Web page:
Features: Porn – We Want It! We Love It! by Ronete Cohen (Part 3)

Read part 2 here

Some women prefer written erotica. But even that has evolved from the early days when it was considered controversial by some. When Emily Dubberley launched Cliterati, men accused them of being sluts, and women of being men because ‘no women would talk like that’, “but that’s been far outweighed by the letters of thanks from women who’ve experienced their first orgasm through reading or sharing fantasies on the site; or who’ve learned how to enjoy a new sex act safely from one of our articles.” One woman tells me, “My likes have changed over the years, but I still prefer text rather than photos or film. DVDs are just too graphic.” Written erotica helped expand her horizons and also reassure her. “I remember reading Nancy Friday’s “Secret Garden” many years ago and feeling relieved that other women had fantasies, not just me. I loved the idea of the zipless fuck in Erica Jong, that was just dreamy and with no messy complications afterwards. My favourite read is Pauline Reage “The Story of O”, but some of the more brutal, de-humanising scenes I find a bit scary. Probably more into light spanking, a feeling of being in someone else’s power than real sadism. I like Anaïs Nin too, and she gave me the realisation that sex was not just about heterosexuality.” Another woman likes both film and written erotica in different ways. “Generally I’ll read (hardcore) erotica rather than watch porn,” she writes. “However, I get wet more quickly when watching porn even if I don’t feel aroused.”

There’s still quite a bit of guilt and shame about porn among women. Several of the written testimonies I received were embarrassed and almost apologetic. You’d never hear a man apologising for that. “No, of course not,” Nan Kinney says. “Women have worked their way out from under the culture that’s trying to keep them down. It has pretty deep roots. If they are anyway out of the norm then there is something wrong with them.” And who decides the norm? If you read what women write to me, ‘outside the norm’ doesn’t really exist. Nan agrees that women sometimes police their own brains and imaginations. “They just have problems with things that are in their heads, you know, fantasies. Whatever you do in your head is okay. Sometimes in sexuality it’s the forbidden that gets us more excited, the taboos. It doesn’t mean that we’re actually going to do them in real life.”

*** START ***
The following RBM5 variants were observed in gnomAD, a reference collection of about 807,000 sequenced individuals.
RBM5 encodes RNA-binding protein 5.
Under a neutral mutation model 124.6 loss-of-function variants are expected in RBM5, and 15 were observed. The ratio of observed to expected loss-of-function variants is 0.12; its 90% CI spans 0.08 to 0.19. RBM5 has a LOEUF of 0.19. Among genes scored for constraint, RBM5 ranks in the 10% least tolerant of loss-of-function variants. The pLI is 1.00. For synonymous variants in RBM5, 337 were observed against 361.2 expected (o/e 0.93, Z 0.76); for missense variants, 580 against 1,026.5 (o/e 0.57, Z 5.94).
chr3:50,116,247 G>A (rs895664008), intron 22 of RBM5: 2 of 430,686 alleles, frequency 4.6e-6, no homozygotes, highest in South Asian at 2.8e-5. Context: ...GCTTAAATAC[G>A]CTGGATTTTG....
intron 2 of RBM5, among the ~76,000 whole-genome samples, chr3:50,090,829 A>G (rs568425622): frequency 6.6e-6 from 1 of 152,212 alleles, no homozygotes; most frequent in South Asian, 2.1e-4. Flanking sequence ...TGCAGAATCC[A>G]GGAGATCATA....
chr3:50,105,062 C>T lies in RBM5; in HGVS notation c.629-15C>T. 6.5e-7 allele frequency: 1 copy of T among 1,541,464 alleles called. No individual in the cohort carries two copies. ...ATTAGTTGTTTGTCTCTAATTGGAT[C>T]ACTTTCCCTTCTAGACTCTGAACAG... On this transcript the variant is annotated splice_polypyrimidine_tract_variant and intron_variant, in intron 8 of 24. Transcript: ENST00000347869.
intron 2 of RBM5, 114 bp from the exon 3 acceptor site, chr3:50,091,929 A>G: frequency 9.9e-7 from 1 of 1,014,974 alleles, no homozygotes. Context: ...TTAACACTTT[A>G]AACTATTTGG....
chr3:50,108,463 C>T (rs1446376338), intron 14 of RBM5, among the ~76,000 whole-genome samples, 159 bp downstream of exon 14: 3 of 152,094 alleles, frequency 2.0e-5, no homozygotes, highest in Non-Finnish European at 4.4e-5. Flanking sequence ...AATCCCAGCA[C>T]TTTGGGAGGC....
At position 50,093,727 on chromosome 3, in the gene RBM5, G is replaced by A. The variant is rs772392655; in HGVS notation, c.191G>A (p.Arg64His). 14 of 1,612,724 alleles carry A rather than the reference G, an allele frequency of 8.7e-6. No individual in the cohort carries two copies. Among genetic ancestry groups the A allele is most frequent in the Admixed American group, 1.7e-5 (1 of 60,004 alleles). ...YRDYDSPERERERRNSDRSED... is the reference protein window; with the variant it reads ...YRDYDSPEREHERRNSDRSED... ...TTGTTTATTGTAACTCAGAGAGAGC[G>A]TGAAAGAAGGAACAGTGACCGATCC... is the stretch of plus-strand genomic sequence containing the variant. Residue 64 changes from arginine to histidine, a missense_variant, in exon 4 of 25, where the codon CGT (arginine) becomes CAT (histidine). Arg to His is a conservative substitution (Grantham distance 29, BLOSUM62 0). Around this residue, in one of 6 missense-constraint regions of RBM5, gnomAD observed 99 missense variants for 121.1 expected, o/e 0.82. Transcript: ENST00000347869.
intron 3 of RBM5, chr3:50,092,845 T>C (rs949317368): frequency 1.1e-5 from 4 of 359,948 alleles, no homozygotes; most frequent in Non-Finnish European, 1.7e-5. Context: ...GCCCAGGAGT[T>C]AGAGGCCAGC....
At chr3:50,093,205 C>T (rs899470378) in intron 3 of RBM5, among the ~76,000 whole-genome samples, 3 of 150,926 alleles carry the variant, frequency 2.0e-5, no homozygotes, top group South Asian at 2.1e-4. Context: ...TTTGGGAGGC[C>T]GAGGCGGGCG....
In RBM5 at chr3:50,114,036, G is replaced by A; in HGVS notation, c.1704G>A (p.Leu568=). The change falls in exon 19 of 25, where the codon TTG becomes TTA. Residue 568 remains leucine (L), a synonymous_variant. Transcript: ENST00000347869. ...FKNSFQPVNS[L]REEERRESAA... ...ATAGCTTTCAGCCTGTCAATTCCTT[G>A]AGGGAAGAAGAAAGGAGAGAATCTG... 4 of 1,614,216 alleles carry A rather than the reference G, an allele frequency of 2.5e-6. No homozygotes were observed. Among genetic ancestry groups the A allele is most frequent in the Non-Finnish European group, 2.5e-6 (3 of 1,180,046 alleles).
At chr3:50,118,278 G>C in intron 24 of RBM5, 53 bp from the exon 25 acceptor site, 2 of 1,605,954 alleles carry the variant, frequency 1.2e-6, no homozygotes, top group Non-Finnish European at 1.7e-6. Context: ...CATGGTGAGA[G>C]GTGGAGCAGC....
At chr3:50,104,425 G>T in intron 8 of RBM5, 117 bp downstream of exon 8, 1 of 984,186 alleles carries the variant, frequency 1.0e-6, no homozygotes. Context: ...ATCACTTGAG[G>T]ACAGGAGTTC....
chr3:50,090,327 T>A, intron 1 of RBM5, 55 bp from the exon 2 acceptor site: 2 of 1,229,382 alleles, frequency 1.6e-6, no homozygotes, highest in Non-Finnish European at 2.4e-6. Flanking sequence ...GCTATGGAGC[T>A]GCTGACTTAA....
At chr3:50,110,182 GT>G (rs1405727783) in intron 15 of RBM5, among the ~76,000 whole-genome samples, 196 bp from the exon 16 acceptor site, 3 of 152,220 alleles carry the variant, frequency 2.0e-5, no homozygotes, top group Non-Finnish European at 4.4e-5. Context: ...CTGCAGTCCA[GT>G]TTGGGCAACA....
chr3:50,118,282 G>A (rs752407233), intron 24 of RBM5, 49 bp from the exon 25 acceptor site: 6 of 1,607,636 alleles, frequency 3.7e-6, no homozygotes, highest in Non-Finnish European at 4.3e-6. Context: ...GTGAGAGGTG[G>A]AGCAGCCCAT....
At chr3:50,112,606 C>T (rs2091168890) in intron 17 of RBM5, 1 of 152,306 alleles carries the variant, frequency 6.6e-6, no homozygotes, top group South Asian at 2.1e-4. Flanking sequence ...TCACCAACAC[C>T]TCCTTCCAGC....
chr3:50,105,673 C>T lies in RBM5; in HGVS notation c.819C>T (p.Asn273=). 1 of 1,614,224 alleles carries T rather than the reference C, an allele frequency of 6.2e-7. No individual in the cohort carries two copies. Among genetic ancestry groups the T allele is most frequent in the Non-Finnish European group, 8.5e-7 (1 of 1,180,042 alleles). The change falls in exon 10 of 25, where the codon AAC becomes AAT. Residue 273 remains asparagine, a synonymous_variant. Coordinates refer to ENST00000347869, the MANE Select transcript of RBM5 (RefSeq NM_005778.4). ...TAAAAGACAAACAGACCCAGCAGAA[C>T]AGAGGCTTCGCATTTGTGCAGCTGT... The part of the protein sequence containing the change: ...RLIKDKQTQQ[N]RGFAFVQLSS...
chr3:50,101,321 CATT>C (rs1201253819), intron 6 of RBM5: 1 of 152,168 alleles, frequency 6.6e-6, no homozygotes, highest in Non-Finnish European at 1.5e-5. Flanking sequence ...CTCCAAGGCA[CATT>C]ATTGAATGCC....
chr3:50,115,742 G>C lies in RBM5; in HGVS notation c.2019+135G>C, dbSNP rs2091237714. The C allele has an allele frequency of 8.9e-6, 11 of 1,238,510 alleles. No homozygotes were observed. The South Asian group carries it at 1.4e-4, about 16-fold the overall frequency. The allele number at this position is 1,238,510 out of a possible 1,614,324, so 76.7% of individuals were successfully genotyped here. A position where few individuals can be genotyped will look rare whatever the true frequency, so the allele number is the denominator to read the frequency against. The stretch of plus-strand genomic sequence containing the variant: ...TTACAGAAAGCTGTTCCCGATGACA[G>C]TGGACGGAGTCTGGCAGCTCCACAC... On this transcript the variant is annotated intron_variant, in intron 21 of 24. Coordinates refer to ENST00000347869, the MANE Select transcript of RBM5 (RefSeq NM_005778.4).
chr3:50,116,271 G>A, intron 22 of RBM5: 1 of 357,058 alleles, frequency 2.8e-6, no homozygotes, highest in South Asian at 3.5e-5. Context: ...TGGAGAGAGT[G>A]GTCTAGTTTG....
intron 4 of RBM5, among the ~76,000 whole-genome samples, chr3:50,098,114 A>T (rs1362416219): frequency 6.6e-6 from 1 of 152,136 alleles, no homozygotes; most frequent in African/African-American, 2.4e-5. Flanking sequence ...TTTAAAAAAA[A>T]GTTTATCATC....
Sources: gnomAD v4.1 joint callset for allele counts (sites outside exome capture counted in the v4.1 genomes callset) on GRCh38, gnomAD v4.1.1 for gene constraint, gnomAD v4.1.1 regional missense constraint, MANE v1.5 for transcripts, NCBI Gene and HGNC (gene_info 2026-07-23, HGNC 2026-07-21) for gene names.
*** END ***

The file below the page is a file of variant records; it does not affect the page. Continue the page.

No matter how hard and kinky the porn they like is, all women who wrote to me specifically mention consent as vital. One likes BDSM and extreme gang bangs, “though only from porn providers I know are ethical/where it is clear there is informed consent”. Another who likes extreme kink says, “I used to enjoy straight amateur porn but stopped when I realised that a lot of it probably ended up on the internet without the consent of everyone involved – so I enjoy porn in which the female characters are not seen to be consenting to the activities, but only if this is ‘pretend’ non-consent.” Carlyle Jansen says many women are strong feminists and they’re confused by the fact that they’re turned on by rape fantasies. For the Feminist Porn Awards, the issue of consent is really important. They try to determine at what point a kink film is okay, and at what point it isn’t. This is something Tristan Taormino addresses in her movies, especially around kink. You hear it loud and clear, Carlyle says, “this is what gets me hot, this is what I want you to do to me, this is what gets me excited. Don’t do the other thing, but I want you to do this. You can see that there’s explicit consent which you often don’t get a chance to notice and I think that helps people to feel, okay, I can feel okay about watching this because this person has stated it gets them hot.”

Feminist porn offers a broader and more diverse representation of different sexualities, and not just the same stereotypes. This doesn’t mean that women can’t be dominated. “What that means,” Carlyle says, “is that if it seems evident that that’s what’s turning on the person and that there is consent then and that there’s respect for the person being dominated, then that can be feminist. So we’re looking for diversity of representation. We’re hoping that there’s an expansion out there for what our sexuality can look like.” So what do we want? Everything, but not anything. What we like comes in all shapes and sizes. It’s soft and hard and everything in between. Our desires and turn ons are not restricted by the limits of what others (and we!) imagine us to be. But we like it real. We need to be able to believe it, to feel it, to identify with it and be able to imagine ourselves in what we see, however impossible it is. It needs to respect us, even when it’s taking us to extremes. We need to be in control, even when we’re being sexually submissive. And then we like it. Like it? We love it! We really do!

Ronete Cohen is a psychologist/psychotherapist with a private practice in Mayfair, London (Ronete Cohen Therapy), and online (The Rainbow Couch). She specialises in sex-positive, open-minded and non-judgemental therapy for everyone, including members of the LGBT communities, and those who are polyamorous and/or into kink.

© Ronete Cohen

Links:
Courtney Trouble: http://courtneytrouble.com
Good For Her: www.goodforher.com 
The Smitten Kitten: smittenkittenonline.com 
Crashpad Series: crashpadseries.com 
Pink Label TV: pinklabel.tv 
Good Vibrations: www.goodvibes.com 
Fatale Media: www.fatalemedia.com 
Emily Dubberley: www.dubberley.com

Posted in Cliterati Magazine, Features and tagged as , ,

Leave a Reply

Your email address will not be published. Required fields are marked *